Today marks the tenth anniversary of the US invasion of Iraq, a war, which Jonathan Schell recently wrote, that created a dangerous precedent, a “change from diplomacy and agreements to force as the means for achieving nonproliferation.” This is, of course, beyond the massive loss of Iraqi and American lives.
The United States’s current bellicosity toward Iran reflects this dangerous change and threatens to repeat the previous deceptions of the rush to war on Iraq, as we’re told about fictitious Iranian weapons of mass destruction—stories just like the ones that led us into Iraq. Most recently, Senators Lindsay Graham and Robert Menendez introduced Senate Resolution 65, which lays the groundwork for the US to offer military aid to Israel in the event of a pre-emptive strike on Iran.
Ten years after the United States’ invasion of Iraq, it is imperative that we learn the lessons of the war that lead to the deaths of hundreds of thousands of Iraqi civilians and 4,483 US soldiers. On the anniversary of the invasion of Iraq, join Schell and The Nation in imploring President Obama and Congress to avoid what would be the catastrophic mistake of a war with Iran. Then lend your support to Code Pink, Iraq Veterans Against the War and United for Peace and Justice, organizations that have proven to be vital in shedding light on the horrific cost and futility of the war.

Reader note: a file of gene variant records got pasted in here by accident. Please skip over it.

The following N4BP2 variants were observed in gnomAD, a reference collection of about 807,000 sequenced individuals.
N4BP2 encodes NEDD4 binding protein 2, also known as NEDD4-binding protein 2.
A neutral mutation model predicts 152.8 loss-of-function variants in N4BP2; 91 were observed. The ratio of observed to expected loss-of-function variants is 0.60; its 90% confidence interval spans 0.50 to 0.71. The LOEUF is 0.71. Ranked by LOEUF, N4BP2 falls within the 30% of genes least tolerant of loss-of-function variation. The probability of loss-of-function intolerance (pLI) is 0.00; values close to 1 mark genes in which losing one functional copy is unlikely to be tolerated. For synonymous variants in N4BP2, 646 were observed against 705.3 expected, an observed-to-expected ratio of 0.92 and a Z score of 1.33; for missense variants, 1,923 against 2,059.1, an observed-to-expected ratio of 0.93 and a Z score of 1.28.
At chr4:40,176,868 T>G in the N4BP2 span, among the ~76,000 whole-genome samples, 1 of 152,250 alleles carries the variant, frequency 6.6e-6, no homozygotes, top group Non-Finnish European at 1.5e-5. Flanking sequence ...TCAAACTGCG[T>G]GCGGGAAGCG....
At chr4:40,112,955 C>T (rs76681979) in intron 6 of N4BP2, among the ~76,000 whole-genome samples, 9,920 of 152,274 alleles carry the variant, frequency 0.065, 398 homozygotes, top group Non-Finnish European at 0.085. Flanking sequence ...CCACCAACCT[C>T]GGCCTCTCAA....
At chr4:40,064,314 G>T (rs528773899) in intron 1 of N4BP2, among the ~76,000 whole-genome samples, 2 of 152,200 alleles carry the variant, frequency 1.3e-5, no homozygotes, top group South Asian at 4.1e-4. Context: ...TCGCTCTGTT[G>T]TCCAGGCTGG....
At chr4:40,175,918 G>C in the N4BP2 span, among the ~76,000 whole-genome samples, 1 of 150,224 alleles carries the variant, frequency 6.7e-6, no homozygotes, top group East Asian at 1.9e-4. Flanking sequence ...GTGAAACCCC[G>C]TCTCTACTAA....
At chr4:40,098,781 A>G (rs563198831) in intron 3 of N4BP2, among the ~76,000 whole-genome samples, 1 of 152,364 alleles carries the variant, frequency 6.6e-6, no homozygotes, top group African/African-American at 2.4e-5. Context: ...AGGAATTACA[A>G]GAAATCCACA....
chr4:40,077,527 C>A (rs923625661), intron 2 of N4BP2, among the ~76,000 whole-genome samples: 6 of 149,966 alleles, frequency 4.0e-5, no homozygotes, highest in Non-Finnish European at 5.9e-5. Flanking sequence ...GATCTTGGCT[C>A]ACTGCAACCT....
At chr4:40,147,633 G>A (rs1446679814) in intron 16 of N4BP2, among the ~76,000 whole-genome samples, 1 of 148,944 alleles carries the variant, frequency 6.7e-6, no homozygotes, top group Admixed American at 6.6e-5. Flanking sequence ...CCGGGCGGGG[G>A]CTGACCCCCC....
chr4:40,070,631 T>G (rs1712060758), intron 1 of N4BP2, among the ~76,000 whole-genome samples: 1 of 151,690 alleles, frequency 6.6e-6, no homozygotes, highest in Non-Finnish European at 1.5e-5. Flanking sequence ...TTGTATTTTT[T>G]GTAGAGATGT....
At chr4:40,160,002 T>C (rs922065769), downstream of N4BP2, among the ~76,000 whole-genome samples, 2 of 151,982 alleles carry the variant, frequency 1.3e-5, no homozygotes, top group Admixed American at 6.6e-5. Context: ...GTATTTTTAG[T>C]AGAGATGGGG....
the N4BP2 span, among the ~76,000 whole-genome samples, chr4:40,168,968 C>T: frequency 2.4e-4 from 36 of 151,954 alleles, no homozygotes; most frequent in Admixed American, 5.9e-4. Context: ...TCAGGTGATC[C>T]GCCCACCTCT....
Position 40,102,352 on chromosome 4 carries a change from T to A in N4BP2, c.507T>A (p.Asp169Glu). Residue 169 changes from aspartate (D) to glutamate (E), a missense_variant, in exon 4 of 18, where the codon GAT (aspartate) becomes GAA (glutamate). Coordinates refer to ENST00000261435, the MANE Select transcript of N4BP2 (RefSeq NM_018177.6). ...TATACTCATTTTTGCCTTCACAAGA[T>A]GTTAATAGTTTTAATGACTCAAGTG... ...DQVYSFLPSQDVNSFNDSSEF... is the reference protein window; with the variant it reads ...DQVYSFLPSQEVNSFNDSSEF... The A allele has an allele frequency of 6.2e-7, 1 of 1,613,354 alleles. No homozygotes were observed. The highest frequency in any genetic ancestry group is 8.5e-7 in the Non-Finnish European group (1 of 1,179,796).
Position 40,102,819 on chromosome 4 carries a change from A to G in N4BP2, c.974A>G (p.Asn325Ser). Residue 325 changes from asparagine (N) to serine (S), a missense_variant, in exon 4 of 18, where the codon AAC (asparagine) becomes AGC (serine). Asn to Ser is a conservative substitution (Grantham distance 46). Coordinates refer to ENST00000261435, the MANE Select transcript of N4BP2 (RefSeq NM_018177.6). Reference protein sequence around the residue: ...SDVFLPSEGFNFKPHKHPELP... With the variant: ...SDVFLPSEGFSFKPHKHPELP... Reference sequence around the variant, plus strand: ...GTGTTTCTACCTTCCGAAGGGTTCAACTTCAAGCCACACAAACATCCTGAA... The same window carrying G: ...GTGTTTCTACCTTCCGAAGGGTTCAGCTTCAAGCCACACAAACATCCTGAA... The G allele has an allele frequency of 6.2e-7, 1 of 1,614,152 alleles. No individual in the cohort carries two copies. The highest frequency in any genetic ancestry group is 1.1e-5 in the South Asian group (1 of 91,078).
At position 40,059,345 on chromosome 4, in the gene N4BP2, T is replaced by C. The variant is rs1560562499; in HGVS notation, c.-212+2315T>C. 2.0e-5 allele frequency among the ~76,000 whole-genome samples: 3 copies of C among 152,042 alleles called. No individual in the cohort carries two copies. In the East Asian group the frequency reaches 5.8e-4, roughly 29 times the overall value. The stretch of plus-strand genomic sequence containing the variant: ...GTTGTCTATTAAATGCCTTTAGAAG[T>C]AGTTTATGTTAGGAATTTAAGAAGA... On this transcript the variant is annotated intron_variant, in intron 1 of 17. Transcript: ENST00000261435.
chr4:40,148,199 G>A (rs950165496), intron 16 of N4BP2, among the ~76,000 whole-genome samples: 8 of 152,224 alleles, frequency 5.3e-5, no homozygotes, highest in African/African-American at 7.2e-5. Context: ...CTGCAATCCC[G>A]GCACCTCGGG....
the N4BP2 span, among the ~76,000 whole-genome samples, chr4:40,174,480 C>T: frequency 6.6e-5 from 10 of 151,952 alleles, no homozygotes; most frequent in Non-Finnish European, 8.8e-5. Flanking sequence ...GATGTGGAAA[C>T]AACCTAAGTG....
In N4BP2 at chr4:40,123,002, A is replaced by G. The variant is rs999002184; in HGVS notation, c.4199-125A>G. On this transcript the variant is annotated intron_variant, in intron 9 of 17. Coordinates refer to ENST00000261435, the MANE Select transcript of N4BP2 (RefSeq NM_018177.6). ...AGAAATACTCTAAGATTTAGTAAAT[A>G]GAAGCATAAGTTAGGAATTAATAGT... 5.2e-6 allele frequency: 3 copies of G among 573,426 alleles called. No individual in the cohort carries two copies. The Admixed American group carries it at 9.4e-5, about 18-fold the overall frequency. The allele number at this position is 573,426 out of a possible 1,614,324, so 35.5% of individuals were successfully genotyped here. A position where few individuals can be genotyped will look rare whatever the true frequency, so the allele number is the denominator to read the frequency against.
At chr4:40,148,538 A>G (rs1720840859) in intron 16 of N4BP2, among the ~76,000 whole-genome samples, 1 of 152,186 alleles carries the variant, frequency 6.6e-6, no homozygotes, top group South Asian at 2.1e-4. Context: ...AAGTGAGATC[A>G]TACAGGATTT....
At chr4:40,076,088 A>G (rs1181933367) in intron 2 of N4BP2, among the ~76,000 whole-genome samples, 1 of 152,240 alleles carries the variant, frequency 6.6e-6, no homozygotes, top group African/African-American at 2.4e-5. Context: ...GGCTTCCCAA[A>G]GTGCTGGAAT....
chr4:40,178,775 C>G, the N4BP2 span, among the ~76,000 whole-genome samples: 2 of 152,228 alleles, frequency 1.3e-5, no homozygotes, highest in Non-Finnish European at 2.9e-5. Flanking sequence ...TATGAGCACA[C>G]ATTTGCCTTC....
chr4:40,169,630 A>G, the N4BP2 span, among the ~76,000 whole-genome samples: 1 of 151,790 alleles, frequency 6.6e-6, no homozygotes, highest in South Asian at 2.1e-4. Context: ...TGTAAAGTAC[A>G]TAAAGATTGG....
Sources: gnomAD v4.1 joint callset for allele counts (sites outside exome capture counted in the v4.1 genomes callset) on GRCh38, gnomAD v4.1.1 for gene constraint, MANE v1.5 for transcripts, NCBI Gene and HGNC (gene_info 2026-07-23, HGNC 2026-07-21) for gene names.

The Nation’s Open Letter to Congress, published in the fall of 2002 amid the rush to war in Iraq, was sadly prescient in anticipating the lethal precedents of the Iraq invasion.
In today’s episode of Democracy Now!, Al Jazeera reporter Dahr Jamail discusses the legacy of the invasion for the people living in Iraq today.